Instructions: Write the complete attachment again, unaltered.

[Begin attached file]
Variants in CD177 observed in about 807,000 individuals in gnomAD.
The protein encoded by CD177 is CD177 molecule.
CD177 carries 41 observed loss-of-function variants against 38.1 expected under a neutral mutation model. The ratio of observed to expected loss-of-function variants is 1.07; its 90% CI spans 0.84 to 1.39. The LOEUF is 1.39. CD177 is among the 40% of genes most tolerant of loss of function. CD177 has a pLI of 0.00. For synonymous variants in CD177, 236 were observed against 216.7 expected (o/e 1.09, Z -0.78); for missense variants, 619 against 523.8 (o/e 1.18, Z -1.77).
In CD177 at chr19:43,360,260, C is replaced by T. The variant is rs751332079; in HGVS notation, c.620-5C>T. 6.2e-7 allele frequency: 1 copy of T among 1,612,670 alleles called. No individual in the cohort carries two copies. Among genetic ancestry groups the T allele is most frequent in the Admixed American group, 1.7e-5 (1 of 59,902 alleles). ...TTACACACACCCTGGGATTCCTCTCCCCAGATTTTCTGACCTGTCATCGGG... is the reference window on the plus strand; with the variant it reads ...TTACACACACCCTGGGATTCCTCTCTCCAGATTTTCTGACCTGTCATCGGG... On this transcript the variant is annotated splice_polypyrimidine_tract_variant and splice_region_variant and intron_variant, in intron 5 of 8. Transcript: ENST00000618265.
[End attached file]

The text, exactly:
Variants in CD177 observed in about 807,000 individuals in gnomAD.
The protein encoded by CD177 is CD177 molecule.
CD177 carries 41 observed loss-of-function variants against 38.1 expected under a neutral mutation model. The ratio of observed to expected loss-of-function variants is 1.07; its 90% CI spans 0.84 to 1.39. The LOEUF is 1.39. CD177 is among the 40% of genes most tolerant of loss of function. CD177 has a pLI of 0.00. For synonymous variants in CD177, 236 were observed against 216.7 expected (o/e 1.09, Z -0.78); for missense variants, 619 against 523.8 (o/e 1.18, Z -1.77).
In CD177 at chr19:43,360,260, C is replaced by T. The variant is rs751332079; in HGVS notation, c.620-5C>T. 6.2e-7 allele frequency: 1 copy of T among 1,612,670 alleles called. No individual in the cohort carries two copies. Among genetic ancestry groups the T allele is most frequent in the Admixed American group, 1.7e-5 (1 of 59,902 alleles). ...TTACACACACCCTGGGATTCCTCTCCCCAGATTTTCTGACCTGTCATCGGG... is the reference window on the plus strand; with the variant it reads ...TTACACACACCCTGGGATTCCTCTCTCCAGATTTTCTGACCTGTCATCGGG... On this transcript the variant is annotated splice_polypyrimidine_tract_variant and splice_region_variant and intron_variant, in intron 5 of 8. Transcript: ENST00000618265.